"KAKEHASHI Project" Kure National College of Technology (Hiroshima Pref.)

Dispatch in March 2014

Group 5 (High School Students)
Kure National College of Technology (Hiroshima Pref.)

Period: March 16 - 29, 2014
Local Visit Destination: Whitney M. Young Magnet High School (Illinois)
Number of Participants: 25

Tour Photo Album

Photo of Orientation in the U.S.
Orientation in the U.S.
(Presentation practice)

Photo taken at Microsoft Corporation
Microsoft Corporation
(Learning about local industry)

Photo taken at Future of Flight Aviation Center
Future of Flight Aviation Center & Boeing Tour
(Learning about local industry)

Photo taken at Reception hosted by the Consulate-General of Japan in Seattle
Reception hosted by the Consulate-General of Japan in Seattle at Shoreline Community College

Photo taken at Roosevelt High School 1
School exchange at Roosevelt High School
(Presentation)

Photo taken at Roosevelt High School 2
School exchange at Roosevelt High School

Photo taken at Whitney M. Young Magnet High School 1
School exchange at Whitney M. Young Magnet High School
(Participating in class)

Photo taken at Whitney M. Young Magnet High School 2
School exchange at Whitney M. Young Magnet High School
(Presentation)

Photo taken at Whitney M. Young Magnet High School 3
School exchange at Whitney M. Young Magnet High School

Photo taken at HL — A Co., Inc.
HL — A Co., Inc.
(Learning about local industry)

Photo of Debriefing session 1
Debriefing session at the Georgia Institute of Technology

Photo of Debriefing session 2
Debriefing session at the Georgia Institute of Technology

Voices from Participants

1. What impressed you most in this experience of promoting the charms of Japan in the U.S.?

  • Listening to the presentations about Japan's prided technologies the students from my school gave helped me learn about the qualities of Japan I had not known before. I was inspired by my classmates and proud to see them speak before the staff of the consulate and the embassy. Our audience was enthusiastic about listening to our presentations, and this was encouraging, since this made me realize that I was actually speaking in English even if I did it poorly. Giving presentations repeatedly to large audience gave me courage and confidence.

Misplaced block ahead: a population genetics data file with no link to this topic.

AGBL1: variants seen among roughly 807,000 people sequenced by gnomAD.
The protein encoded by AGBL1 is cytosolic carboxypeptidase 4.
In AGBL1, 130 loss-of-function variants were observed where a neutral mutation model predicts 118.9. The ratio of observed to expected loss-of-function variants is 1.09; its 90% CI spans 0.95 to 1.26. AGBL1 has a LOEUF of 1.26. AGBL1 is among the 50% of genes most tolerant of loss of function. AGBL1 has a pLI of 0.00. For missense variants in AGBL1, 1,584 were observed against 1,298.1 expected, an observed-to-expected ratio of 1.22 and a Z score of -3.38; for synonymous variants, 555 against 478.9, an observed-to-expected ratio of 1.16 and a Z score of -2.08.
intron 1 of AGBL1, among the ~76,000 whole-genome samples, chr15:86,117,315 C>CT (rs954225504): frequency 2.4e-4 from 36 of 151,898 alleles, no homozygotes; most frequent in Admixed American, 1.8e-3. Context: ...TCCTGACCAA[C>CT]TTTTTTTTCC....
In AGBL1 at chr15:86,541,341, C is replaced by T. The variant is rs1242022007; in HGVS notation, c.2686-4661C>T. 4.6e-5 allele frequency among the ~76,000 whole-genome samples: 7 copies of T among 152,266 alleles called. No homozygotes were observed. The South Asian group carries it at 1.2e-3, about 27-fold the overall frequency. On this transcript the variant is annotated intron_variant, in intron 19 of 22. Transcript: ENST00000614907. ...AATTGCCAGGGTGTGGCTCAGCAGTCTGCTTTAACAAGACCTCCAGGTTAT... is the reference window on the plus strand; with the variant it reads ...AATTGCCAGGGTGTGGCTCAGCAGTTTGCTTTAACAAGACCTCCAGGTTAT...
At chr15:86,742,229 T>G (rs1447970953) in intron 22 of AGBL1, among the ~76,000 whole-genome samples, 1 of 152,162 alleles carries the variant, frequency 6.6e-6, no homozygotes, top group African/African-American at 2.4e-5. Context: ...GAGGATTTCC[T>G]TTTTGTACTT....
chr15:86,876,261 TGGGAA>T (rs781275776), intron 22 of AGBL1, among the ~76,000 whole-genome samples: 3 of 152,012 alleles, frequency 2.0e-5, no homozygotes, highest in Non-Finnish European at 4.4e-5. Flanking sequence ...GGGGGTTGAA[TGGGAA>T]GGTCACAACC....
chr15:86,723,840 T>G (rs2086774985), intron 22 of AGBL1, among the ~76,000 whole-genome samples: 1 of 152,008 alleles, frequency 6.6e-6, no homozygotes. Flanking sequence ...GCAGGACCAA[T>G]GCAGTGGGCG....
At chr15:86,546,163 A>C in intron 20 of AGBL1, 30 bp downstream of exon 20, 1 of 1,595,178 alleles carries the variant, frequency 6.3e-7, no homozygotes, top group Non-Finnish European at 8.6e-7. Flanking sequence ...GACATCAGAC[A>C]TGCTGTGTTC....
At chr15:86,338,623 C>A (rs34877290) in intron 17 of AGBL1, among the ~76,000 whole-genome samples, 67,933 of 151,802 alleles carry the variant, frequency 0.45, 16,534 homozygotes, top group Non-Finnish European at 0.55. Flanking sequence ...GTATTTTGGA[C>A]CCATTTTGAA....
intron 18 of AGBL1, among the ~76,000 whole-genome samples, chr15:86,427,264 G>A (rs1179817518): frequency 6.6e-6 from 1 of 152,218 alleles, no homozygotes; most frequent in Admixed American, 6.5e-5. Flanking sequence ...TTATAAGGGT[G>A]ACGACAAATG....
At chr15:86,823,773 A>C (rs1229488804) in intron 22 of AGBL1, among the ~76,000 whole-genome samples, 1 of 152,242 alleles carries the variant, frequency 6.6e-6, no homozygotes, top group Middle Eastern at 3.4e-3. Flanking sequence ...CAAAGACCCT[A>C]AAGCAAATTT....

• What impressed me most was our presentation in Chicago before the members of many host families. A woman from one family said to me, "Now that I saw you giving your presentations, I understand the high level of Japanese technology." Her words made me realize that our audience sees Japan both through the technologies we presented and through us presenting the technologies. To communicate more of Japan's qualities to the world, I felt that, as a future engineer, I need to acquire not only technical skills but also English and a well-rounded character.

2. What would you like to pass on to people in your community and school after you return to Japan?

  • Everyone is active and self-motivated. This was what I felt when we observed a high school class in the United States. It was completely different from classes in Japan. All the students were keen to participate. The teacher only raised an issue, left it to the students to develop a discussion, come up with ideas, and solve the issue on their own. Each of the students has own views, and they were enthusiastic about debating the issue at hand and getting their point across. I realized that wherever you go, it is important to be true to yourself, not to be swayed by others, and to accept the views of others and yet respect your own.
  • I want to share the joy of international exchange so that more people wish to participate or will actually participate. I also intend to relay that you gain so much from the exchange. By talking about my experiences in the United States, and sharing everything I gained, I hope I can spark everyone's interest in international exchange. It would be great if people, who were already interested but did not yet have the courage to participate, decided to participate because of my stories.

3. Please freely describe your experience in the KAKEHASHI Project.

  • In the course of this project, I feel like I gained several years' worth of experience. I want to thank everyone involved in organizing it. Among my all experiences in the United States, the one that left the strongest impression on me was the debriefing session at the Georgia Institute of Technology. Thanks to it, everything that had been merely fun and abstract transformed into concrete plans of what to do after I return to Japan. There were so many things I want to do as people in the U.S. do. To name a few: watch people around you, offer a helping hand to people in trouble; say "thank you" more often than "sorry"; and not hesitate to take on challenges. Someone told me not to be afraid of failing but to be afraid of losing an opportunity. I hope to keep this new way of thinking forever engraved in my mind.
  • Looking back again on this project, I think it became a life-changing point for me. Since I want to work abroad in the future, I had some knowledge of U.S. culture and lifestyle before the trip. But there were so many things I did not understand until I actually went there and became part of my host family. I was able to absorb them thanks to the KAKEHASHI Project. Now with many more Japanese friends who aim for similar goals in the future, and with friends and family in the world to cheer me on, I am brimming with motivation. I cannot wait to come back to the United States.

[Contact Us]

The Japan Foundation Youth Exchange Bureau
TEL : +81-(0)3-5369-6022 FAX : +81-(0)3-5369-6042
infokakehashi@jpf.go.jp
(When sending e-mail, please enter a half-width character "@" instead of a full-width character "@.")

Page Top